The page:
Lynn’s Grade: A
Rating: PG-13 for language and some suggestive material
The Plot: The cultural phenomenon “Hamilton,” the most nominated musical ever on Broadway and winner of the 2016 Pulitzer Prize for Drama, is now available as a film. Two performances were recorded on June 25-26, 2016, at the Richard Rodgers Theatre in New York City. This is after the musical won 11 Tony Awards, one shy of the record, and while the original cast was still intact. Founding Father Alexander Hamilton, the first Secretary of the U.S. Treasury, is the central figure in this retelling of history and political scheming. It also includes Hamilton’s family and romantic drama.
Lynn’s Take: The movie “Hamilton” meets the moment! Creator Lin-Manuel Miranda’s game-changer remains a vibrant experience five years after opening on Broadway. Its brilliance shines brightest with the original cast, and its synergy is a thing of beauty.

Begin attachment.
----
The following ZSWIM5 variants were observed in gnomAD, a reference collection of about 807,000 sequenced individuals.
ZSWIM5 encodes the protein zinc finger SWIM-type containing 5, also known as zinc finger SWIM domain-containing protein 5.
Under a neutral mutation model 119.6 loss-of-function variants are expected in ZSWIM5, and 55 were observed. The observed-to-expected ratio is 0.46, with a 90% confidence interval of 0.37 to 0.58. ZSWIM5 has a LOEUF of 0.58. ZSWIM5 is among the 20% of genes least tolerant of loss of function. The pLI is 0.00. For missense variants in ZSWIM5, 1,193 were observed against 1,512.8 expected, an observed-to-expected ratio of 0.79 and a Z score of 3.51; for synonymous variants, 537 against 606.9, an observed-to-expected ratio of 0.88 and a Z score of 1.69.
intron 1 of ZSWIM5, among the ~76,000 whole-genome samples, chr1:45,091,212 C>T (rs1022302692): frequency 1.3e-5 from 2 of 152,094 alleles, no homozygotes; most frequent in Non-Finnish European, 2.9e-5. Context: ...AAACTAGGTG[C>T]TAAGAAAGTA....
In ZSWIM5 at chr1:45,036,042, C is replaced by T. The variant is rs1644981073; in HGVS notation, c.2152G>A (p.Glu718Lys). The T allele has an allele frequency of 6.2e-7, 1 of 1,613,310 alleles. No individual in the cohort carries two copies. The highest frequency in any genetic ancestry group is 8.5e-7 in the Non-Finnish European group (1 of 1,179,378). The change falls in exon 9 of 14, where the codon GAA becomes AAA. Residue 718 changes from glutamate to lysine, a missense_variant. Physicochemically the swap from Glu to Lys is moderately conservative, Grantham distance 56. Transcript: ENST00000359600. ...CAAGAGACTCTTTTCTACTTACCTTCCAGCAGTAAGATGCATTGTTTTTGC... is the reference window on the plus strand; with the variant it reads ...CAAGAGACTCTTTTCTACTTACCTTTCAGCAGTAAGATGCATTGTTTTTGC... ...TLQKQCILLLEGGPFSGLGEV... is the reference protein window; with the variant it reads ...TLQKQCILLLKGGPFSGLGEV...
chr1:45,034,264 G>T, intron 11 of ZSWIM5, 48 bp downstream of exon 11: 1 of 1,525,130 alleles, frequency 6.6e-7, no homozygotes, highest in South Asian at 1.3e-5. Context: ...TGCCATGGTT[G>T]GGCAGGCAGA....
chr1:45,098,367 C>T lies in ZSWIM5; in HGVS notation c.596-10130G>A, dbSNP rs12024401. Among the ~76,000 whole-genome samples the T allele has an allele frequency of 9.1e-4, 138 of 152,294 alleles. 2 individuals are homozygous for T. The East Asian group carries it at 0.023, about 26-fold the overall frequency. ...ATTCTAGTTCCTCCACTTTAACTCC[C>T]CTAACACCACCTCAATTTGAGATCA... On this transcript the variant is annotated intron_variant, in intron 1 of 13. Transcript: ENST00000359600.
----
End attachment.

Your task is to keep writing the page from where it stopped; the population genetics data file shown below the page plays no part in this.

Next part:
Miranda's masterpiece is a hopeful reflection on the 'unfinished symphony' that is America — he presents a history lesson, inside view on the messy political process and an amalgam of modern and Broadway styles of music in a grand and glorious way.
Miranda, who wrote the book, music and lyrics, also stars in the title role. He cast black, Latino and Asian-Americans as the characters — “it is about America then as told by America now.”
This ensemble is the gold standard — particularly Tony Award winners Leslie Odom Jr. as Aaron Burr, who resents the ambitious Hamilton’s easy climb; Daveed Diggs as loyal Lafayette in the first act and cocky Thomas Jefferson in the second; and Renee Elise Goldsberry as fiery Angelica Schuyler, whose sweet sister Eliza marries Hamilton; plus nominees Christopher Jackson as an imposing George Washington, Phillipa Soo as the kind-hearted wife Eliza and Jonathan Groff, who makes the most of his nine minutes as the snooty and catty King George.